How Do I Avoid Job Offer Turndowns?

If your job offers are being turned down or applicants are abandoning mid interview process, it likely isn’t just a matter of salary or change of heart. There are very concrete ways to keep candidates interested, engaged, and avoid turning down your offers.

Keep The Momentum Going

Your interview timeline needs to be clear. Candidates need to know how much time to expect between interviews, when they should receive feedback, and when a potential offer will be made. If you’re making your candidates wait – they’ll lose interest. The downtime that you create gives candidates the opportunity to set up interviews with other companies.  You reduce or eliminate your competition when you keep up the interviewing momentum.

Make The Interviews Worth Their Time

Interviews (and interviewers) should be engaging, showcase the company, and create an exchange that goes beyond a resume regurgitation Q&A. Finding a job is stressful and time-consuming. Giving candidates the opportunity to engage is the first step in keeping their interest in your position.  Think outside the box. Interviews can occur outside of boardrooms and Zoom calls. Provide a detailed job description so they can prepare questions and play an active role in the process.

Spend Your Budget

You will pay a premium for good talent. Unemployment is low and highly skilled tech workers are in high demand.  Candidates who are currently employed will likely want a substantial increase in order to make a career move. Be prepared to negotiate – especially if you aren’t offering perks like remote work. It’s OK to advertise your budget with a bit of wiggle room. If the applicant is great, then you get to be in the enviable position to offer them more.  Low-balling a candidate is risky and can backfire even if you go back and forth in negotiations.  Finally, ensure that you have the approval to make offers.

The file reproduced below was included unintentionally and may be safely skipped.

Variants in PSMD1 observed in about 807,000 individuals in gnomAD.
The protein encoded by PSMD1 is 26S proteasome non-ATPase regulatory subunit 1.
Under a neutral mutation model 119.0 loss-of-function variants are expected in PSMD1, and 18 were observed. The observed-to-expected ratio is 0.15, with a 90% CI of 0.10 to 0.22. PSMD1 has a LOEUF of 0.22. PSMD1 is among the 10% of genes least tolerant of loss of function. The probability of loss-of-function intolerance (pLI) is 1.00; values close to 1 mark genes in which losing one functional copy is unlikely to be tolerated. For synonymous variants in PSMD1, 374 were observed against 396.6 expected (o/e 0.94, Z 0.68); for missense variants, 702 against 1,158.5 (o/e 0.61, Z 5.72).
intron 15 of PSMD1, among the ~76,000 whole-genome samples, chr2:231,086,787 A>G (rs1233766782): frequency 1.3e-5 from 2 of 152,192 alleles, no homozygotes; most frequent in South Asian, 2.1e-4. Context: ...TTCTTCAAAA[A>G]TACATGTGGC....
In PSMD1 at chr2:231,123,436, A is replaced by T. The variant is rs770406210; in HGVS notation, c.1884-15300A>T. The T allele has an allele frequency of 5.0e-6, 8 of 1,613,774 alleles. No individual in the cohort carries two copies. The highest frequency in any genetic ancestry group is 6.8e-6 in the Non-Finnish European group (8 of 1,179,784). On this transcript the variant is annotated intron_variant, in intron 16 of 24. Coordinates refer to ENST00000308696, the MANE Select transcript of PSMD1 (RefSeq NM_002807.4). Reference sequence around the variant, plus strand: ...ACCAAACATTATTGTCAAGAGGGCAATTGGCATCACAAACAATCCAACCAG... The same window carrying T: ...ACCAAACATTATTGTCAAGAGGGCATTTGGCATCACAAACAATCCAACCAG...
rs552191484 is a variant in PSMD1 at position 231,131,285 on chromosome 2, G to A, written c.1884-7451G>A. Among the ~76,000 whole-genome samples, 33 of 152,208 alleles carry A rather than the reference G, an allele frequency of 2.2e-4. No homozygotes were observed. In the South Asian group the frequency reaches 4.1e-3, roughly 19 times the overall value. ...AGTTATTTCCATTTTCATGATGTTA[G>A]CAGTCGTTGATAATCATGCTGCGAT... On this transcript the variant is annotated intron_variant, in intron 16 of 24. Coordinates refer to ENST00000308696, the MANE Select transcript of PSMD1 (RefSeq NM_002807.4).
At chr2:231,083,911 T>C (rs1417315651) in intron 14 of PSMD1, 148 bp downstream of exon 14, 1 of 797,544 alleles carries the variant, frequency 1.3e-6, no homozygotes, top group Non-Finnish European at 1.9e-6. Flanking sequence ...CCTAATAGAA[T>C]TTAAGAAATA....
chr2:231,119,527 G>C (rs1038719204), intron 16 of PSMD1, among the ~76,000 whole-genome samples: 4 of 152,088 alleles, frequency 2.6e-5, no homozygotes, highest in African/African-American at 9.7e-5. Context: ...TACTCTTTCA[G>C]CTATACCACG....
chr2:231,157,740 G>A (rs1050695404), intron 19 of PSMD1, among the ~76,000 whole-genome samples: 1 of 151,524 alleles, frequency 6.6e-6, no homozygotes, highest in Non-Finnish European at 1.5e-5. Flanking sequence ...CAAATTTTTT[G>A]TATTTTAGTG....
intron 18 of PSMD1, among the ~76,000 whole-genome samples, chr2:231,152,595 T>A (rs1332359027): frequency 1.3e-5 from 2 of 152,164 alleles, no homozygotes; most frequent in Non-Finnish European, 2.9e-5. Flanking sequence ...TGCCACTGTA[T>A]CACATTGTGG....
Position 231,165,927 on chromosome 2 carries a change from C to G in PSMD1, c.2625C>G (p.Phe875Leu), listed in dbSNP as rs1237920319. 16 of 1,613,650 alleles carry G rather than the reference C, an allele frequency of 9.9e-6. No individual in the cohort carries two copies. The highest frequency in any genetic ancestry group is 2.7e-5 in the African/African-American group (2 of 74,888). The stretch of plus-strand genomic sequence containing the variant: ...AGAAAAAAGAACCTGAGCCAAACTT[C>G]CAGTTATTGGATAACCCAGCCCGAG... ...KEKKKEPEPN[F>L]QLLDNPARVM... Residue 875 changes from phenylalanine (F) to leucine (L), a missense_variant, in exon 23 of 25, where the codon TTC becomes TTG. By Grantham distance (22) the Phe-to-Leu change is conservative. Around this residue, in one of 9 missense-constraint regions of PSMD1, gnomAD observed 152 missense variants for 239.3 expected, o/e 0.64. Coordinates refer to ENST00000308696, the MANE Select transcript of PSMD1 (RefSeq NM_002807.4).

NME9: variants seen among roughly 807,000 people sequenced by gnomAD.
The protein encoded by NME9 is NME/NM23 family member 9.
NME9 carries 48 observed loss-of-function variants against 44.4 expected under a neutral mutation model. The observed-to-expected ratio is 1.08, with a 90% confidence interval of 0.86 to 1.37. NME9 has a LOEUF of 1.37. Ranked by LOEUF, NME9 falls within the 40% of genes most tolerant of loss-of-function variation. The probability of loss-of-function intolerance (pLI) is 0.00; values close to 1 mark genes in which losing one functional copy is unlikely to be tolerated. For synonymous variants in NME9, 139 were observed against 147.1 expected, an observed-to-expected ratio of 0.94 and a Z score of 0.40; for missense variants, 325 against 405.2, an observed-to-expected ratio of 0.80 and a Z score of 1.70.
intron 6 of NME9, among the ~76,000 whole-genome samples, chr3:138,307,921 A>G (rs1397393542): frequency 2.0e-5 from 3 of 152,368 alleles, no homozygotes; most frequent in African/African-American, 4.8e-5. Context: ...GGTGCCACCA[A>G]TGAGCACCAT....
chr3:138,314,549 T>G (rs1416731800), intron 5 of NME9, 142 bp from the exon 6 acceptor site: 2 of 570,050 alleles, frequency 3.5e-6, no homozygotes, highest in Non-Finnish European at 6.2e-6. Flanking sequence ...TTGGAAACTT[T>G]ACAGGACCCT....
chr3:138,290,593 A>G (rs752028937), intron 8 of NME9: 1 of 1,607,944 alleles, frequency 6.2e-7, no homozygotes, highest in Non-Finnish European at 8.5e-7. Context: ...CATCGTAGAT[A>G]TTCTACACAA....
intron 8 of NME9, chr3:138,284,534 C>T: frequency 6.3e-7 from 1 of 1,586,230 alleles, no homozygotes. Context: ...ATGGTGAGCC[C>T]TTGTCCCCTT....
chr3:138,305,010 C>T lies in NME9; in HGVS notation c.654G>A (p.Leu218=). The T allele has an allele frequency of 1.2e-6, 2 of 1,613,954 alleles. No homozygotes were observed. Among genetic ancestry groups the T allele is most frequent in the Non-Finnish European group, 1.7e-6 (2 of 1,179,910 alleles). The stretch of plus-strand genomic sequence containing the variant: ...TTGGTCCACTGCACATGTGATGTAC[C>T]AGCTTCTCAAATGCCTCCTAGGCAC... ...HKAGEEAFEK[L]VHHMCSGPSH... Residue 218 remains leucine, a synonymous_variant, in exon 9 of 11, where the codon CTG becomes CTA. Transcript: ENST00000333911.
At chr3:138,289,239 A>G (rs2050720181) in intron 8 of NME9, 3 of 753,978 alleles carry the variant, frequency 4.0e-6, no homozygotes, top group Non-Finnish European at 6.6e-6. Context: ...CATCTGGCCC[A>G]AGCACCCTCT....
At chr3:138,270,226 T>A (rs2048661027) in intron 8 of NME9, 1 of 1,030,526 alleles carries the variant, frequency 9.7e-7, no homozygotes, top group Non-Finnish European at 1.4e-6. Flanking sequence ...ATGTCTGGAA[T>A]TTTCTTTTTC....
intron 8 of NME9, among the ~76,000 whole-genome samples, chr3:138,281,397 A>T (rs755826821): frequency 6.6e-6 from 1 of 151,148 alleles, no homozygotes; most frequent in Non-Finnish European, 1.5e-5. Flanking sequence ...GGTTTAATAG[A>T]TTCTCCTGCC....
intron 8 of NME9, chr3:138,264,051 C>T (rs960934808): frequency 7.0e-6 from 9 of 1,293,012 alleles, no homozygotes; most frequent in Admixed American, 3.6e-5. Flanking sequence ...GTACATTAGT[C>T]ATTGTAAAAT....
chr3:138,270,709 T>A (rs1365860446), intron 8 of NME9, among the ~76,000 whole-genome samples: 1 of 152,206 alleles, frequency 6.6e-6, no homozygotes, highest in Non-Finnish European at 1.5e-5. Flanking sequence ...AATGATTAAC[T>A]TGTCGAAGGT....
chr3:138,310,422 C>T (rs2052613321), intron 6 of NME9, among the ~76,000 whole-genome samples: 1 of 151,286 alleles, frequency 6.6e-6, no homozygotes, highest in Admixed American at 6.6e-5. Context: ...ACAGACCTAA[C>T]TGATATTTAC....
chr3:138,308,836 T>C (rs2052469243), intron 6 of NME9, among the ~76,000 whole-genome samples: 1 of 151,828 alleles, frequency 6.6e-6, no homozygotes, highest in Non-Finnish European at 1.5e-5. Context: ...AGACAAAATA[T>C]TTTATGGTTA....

Don’t Hide Your Benefits

Don’t gatekeep your benefits package. Great candidates will turn down competitive compensation because the cost of benefits is too high.  Give your candidates the information they need upfront. There is no sense in holding back the cost of heath insurance or the 401k match until they are deep into the interview process.  Give them the opportunity to calculate whether they can afford to take the job.

Spend Time with the Candidates

While you are trying to create an efficient and time-conscious process, you don’t want to rush the time that you spend with each candidate.  There is a cost to hiring the wrong person for the job.  Interview (and continue interviewing) first-round candidates to build a pipeline of talent.  If a promising candidate turns down the offer, you aren’t left scrambling to restart the process.  Engage with talent who don’t necessarily fit traditional education or career paths.  Take the time to truly engage with each and every person. Find reasons to say yes to candidates.


Turndowns will happen. An old manager will come out of the woodwork. Their current company might present a counteroffer.  However, employing these techniques will give you the best opportunity to onboard the right person to your organization.

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